As the most recent real-world analysis of the incidence and survival of MPNs only covers patients diagnosed up to 2012, the researchers set out to provide a more contemporary analysis, using data from the Surveillance, Epidemiology, and End Results (SEER) Program.

Covering the period from 2002 to 2016, they selected adults diagnosed with ET, PV or primary myelofibrosis using International Classification of Diseases for Oncology histology codes.

Rising Incidence

They included a total of 34,031 patients with MPN, who had a median age of 65–70 years, and 50.5% were female.

The overall incidence rate of ET was 1.55 per 100,000 person-years, rising to 1.73 per 100,000 person-years in women, and 4.65 per 100,000 person-years in people aged 60 years and older.

For PV, the overall incidence rate was 1.57 per 100,000 person-years, which rose to 1.94 per 100,000 person-years in men, and 4.54 per 100,000 person-years in people aged 60 years and older.

In contrast, the overall incidence rate was much lower for primary myelofibrosis, at 0.44 per 100,000 person-years, although it rose to 0.59 per 100,000 person-years in men, and 1.80 per 100,000 person-years in people aged 65 years and older.

Dr Verstovsek reported that, over the study period, the age-adjusted incidence of ET "rose steadily", which was in contrast to PV and primary myelofibrosis, for which the incidence rate "remained relatively stable".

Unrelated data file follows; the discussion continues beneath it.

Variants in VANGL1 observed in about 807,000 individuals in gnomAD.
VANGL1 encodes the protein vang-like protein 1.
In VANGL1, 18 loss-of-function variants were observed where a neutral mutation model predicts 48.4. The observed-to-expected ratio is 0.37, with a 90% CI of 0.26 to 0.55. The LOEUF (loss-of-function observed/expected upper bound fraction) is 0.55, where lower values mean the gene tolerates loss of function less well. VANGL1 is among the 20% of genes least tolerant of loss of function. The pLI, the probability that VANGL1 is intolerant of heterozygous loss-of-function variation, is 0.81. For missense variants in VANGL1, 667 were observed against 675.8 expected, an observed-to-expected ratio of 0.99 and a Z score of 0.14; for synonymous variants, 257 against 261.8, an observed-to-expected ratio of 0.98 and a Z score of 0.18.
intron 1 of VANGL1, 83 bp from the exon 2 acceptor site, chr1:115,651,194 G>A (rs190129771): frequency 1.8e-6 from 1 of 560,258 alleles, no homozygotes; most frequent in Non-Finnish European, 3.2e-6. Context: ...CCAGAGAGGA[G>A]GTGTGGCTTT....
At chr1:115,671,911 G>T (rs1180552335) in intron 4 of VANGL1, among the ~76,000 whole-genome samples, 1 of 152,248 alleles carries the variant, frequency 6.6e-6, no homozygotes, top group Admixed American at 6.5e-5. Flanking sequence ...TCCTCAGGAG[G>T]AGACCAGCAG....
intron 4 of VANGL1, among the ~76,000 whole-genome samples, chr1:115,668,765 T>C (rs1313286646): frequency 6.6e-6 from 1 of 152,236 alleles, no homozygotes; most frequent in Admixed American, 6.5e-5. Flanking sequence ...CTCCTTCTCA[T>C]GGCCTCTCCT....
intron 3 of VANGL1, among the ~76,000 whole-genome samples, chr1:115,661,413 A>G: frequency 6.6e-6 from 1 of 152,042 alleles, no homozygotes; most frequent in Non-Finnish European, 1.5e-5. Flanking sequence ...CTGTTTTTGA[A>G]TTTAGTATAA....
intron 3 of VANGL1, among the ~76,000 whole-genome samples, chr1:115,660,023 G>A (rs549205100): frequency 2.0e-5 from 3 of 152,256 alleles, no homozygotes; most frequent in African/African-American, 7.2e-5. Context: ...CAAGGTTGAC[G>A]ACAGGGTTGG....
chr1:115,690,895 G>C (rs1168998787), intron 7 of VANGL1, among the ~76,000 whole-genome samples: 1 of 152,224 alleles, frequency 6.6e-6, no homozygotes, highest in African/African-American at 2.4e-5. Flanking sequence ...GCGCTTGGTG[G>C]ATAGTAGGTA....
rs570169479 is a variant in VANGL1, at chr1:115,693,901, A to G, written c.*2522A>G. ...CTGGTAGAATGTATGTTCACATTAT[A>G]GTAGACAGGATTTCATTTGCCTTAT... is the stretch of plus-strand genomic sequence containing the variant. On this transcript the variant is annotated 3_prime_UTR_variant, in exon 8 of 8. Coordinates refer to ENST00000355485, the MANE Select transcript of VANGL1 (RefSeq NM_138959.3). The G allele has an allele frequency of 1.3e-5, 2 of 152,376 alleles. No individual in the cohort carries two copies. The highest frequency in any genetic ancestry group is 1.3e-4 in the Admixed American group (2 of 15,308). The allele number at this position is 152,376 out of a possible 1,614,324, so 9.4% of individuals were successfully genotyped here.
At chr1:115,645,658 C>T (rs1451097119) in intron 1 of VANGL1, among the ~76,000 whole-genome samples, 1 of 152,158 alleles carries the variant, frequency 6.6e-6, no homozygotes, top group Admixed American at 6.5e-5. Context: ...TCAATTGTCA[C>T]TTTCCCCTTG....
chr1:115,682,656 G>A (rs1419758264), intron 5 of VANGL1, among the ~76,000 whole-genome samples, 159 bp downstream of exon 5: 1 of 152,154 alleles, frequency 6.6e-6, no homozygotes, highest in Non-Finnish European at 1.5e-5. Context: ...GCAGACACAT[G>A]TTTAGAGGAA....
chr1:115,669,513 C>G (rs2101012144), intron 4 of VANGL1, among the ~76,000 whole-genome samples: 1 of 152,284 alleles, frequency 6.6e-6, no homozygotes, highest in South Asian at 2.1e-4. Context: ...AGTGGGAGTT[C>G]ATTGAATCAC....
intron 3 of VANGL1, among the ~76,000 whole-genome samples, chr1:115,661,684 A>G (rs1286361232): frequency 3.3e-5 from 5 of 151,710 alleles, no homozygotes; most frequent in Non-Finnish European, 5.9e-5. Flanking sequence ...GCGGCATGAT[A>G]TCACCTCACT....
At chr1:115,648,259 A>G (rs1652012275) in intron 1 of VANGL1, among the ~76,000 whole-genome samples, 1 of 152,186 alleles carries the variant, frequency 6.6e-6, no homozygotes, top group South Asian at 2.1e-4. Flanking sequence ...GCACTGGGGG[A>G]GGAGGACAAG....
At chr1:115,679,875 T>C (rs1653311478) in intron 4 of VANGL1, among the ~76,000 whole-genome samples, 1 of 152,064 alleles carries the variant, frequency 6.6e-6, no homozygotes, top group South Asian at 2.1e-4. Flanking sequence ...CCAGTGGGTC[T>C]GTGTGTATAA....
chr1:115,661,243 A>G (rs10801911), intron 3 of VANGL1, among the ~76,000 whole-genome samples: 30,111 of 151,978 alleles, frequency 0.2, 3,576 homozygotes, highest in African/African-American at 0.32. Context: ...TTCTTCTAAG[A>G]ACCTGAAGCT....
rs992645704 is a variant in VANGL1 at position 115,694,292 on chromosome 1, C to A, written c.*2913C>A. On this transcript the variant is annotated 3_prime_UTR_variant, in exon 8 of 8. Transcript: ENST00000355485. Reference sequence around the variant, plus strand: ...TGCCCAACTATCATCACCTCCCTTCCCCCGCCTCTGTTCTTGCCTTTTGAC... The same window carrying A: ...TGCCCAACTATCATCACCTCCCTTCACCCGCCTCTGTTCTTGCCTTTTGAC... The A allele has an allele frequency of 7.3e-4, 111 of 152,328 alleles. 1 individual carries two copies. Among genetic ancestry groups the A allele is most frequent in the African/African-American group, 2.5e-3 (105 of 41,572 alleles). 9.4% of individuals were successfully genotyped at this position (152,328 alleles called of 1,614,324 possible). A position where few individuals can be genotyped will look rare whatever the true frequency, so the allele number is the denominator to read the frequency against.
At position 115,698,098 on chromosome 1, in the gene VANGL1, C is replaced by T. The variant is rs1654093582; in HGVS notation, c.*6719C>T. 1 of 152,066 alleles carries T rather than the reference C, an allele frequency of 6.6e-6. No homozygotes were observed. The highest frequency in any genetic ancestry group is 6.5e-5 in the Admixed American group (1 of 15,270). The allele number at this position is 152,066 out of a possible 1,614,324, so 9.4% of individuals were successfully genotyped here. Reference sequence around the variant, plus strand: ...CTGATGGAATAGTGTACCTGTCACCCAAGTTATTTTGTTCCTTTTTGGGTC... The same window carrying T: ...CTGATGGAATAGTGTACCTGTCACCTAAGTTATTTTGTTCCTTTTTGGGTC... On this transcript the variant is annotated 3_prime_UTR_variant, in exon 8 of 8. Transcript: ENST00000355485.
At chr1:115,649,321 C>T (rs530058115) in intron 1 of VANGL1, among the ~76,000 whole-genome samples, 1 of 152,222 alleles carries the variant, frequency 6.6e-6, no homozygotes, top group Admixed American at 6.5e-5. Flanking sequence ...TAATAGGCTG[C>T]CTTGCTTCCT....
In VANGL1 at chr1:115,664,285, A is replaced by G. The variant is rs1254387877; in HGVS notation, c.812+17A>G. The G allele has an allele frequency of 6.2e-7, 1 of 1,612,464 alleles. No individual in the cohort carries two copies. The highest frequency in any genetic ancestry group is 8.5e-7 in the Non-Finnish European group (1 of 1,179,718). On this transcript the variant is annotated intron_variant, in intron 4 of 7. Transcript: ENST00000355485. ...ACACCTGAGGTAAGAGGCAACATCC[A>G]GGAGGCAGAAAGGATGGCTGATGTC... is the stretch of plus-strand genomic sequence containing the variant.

Interestingly, incidence rates were "consistently higher" for all MPN subtypes compared with previous SEER analyses, which he suggested may be due to increased or earlier use of genetic testing to facilitate MPN diagnosis after 2012, or reporting delays to the SEER database.

Diverging Mortality Rates

One, 2- and 5-year mortality rates, estimated using Kaplan-Meier analysis, decreased for PV and primary myelofibrosis over the study period; "a trend that was not observed for patients with ET", Dr Verstovsek said.

Indeed, the 5-year mortality rate for patients with this form of the disease rose from 10.6% in 2002–2006 to 13.8% in 2007–2011, falling back in 2012–2016 to 12.0%.

The median overall survival was the same for ET and PV, at 12.0 years, but was much lower for primary myelofibrosis, at just 3.6 years.

However, overall survival improved over time for primary myelofibrosis patients, rising from 3.3 years in 2002–2006 to 3.6 years in 2007–2011 and 3.8 years in 2012–2016.

There were no significant improvements in overall survival for either ET or PV, although there was a trend towards longer survival in 2012–2016 for patients with PV.

Dr Verstovsek acknowledged that the study was limited by its retrospective nature, and noted that data on mutation status and factors such as treatment patterns, diagnostic criteria, and comorbidities, were not available.

No funding declared.

No relevant financial relationships declared.

BSH 20212 Virtual ASM: Abstract OR-006. Presented 26 April.